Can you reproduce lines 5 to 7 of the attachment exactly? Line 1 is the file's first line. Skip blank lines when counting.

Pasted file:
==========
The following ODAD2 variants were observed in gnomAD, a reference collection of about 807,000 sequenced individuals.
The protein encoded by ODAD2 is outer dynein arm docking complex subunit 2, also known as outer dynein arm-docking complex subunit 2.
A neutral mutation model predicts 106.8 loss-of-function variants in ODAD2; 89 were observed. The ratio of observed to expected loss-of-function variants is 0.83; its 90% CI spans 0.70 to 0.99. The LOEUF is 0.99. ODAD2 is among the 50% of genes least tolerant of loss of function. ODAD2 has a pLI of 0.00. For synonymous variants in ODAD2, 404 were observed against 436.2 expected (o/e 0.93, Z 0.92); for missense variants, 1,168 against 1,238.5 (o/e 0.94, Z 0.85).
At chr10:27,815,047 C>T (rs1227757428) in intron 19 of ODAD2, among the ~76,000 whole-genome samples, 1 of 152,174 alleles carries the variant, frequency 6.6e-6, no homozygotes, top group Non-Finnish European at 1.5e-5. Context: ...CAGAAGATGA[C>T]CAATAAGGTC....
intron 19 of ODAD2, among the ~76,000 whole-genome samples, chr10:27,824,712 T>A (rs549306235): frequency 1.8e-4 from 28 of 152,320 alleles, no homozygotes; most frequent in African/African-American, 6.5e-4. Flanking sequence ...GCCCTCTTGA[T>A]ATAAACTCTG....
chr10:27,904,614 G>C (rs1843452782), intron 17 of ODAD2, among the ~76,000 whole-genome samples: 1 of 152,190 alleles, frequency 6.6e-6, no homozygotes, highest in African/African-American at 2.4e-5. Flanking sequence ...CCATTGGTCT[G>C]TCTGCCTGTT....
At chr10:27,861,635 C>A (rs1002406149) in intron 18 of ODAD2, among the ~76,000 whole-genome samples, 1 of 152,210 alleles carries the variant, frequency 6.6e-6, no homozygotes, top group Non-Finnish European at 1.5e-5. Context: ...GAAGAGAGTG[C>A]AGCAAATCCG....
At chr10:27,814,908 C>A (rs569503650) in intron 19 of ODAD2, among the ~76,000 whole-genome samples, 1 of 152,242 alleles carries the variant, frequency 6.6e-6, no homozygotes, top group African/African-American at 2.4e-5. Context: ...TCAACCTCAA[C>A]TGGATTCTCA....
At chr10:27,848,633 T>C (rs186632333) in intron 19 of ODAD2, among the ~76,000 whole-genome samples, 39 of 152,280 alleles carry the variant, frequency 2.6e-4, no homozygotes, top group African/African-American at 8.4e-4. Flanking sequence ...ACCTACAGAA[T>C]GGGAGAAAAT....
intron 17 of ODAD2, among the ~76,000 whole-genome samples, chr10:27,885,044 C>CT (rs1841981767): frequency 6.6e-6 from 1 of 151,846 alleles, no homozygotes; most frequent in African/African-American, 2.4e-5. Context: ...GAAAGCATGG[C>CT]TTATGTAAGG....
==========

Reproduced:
intron 19 of ODAD2, among the ~76,000 whole-genome samples, chr10:27,824,712 T>A (rs549306235): frequency 1.8e-4 from 28 of 152,320 alleles, no homozygotes; most frequent in African/African-American, 6.5e-4. Flanking sequence ...GCCCTCTTGA[T>A]ATAAACTCTG....
chr10:27,904,614 G>C (rs1843452782), intron 17 of ODAD2, among the ~76,000 whole-genome samples: 1 of 152,190 alleles, frequency 6.6e-6, no homozygotes, highest in African/African-American at 2.4e-5. Flanking sequence ...CCATTGGTCT[G>C]TCTGCCTGTT....
At chr10:27,861,635 C>A (rs1002406149) in intron 18 of ODAD2, among the ~76,000 whole-genome samples, 1 of 152,210 alleles carries the variant, frequency 6.6e-6, no homozygotes, top group Non-Finnish European at 1.5e-5. Context: ...GAAGAGAGTG[C>A]AGCAAATCCG....